AR helps in remotely guided operations, where an expert in one part of the world can visually guide surgeons in another continent to perform surgeries in real-time and without the necessity of physical presence. It is also used as a platform for teaching, where junior surgeons can learn the intricacies of surgical procedures without crowding an actual surgery and risking breaching the sterility of the operation theatre.

The innovative solution, known as Proximie, was used for the first time in 2018 during a robot-assisted procedure at Guy’s Hospital, London. This technology has been used in many parts of the world including Vietnam, Ecuador, Mexico, and South Africa, linking surgical teams to experts located in the United Kingdom or the USA. This pioneering technology, which literally allows surgeons to transport themselves into an operating theatre anywhere in the world, has even helped doctors in war zones.


How AR Works with Robotic Surgery

Professor of Robotic Surgery and Urological Innovation at King’s College London, Mr Prokar Dasgupta, is a big proponent of AR. Professor Dasgupta uses the technology to instruct colleagues as they perform robotic surgery without himself needing to be present in the operating theatre.

This software allows Professor Dasgupta to see the operations in detail on his laptop. He verbally instructs his robotic surgical team using the software which then broadcasts to him through speakers in the operating theatre. A video screen in the operating theatre also allows his colleagues to watch Professor Dasgupta use his hands and fingers to indicate where to make incisions and what to avoid with the robot arm. While his colleagues have control of the surgical robot’s movements. The technology enables the surgeon to perform the surgery as precisely as the Professor would have wanted from his knowledge and experience.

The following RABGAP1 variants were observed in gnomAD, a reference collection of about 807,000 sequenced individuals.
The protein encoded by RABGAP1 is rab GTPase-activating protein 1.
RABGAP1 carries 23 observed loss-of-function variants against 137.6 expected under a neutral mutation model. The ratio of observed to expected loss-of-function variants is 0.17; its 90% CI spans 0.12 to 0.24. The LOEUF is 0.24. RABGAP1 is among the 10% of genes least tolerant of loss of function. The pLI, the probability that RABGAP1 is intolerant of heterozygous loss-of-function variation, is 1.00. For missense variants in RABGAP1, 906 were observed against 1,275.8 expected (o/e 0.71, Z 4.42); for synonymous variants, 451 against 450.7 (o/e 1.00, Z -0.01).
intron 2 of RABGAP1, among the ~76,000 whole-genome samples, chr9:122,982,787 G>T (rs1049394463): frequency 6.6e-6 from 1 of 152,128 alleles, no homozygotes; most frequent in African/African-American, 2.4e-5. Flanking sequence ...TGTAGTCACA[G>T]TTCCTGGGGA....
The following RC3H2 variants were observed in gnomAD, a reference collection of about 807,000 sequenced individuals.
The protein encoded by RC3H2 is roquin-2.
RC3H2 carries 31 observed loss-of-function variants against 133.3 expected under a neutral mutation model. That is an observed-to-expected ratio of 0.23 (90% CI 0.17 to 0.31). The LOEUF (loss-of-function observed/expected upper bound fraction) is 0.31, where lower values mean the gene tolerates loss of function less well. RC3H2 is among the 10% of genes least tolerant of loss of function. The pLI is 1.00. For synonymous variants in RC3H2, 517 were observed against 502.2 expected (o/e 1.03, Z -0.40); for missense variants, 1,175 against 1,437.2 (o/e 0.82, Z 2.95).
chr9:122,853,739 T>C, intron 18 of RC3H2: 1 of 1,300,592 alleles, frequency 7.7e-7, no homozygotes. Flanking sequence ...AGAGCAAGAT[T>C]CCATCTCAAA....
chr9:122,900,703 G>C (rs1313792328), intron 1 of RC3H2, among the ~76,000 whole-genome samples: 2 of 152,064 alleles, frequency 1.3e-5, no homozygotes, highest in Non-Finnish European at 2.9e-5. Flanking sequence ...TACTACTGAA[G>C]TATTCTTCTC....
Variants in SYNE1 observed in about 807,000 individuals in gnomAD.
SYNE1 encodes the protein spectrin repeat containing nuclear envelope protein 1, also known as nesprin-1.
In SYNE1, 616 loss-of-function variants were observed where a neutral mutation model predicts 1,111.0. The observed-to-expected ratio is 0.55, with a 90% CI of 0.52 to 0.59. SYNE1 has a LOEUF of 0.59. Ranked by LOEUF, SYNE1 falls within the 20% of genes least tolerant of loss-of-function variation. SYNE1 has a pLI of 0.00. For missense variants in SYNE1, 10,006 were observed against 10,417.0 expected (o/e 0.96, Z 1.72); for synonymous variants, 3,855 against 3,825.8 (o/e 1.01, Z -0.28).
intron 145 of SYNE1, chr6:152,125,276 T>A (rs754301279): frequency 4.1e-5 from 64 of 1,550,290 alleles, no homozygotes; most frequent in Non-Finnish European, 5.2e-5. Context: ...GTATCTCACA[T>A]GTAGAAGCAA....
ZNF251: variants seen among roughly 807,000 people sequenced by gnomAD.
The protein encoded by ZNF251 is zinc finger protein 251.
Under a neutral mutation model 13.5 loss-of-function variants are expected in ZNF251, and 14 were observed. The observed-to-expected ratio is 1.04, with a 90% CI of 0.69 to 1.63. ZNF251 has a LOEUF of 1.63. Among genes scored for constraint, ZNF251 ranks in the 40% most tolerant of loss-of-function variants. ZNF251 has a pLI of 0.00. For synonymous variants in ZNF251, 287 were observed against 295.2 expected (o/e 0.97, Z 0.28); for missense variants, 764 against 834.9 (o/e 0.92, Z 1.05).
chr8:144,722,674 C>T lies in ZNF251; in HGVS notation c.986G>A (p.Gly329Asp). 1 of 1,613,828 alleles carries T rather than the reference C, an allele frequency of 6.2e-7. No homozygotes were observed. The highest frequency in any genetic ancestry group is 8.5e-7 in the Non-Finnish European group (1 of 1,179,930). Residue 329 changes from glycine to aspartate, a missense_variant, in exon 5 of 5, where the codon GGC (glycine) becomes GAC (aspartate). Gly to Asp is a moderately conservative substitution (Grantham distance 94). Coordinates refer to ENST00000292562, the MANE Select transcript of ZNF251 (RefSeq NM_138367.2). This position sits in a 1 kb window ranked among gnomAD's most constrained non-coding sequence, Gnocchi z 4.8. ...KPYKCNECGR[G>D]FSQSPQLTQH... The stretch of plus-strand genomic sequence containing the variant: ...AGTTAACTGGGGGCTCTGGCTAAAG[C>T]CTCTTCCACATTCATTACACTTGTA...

The true advantage of AR here is that it can allow even complex operations to take place at a moment's notice without the hassle of travel. Irrespective of location, patients get the best expertise available even when the area is not immediately accessible. Ultimately, this means that procedures are safer, and properly guided, and patients receive the best care possible.


Connected Care

Innovations like these erase boundaries and eliminate logistical obstacles to good medical treatment. Through Proximie’s AR-assisted remote collaboration platform, patients no longer need to wait for long periods or make extensive journeys to get the help they need. Aided by the latest mobile tools and gadgets, a consultant surgeon can deliver complicated surgeries from anywhere in the world, allowing patients to receive the best treatment without ever leaving their hometowns.


Written by

Consultant Urologist

Gleneagles Hospital Kuala Lumpur


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Warren Lo Hwa Loon
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Gleneagles Hospital Kuala Lumpur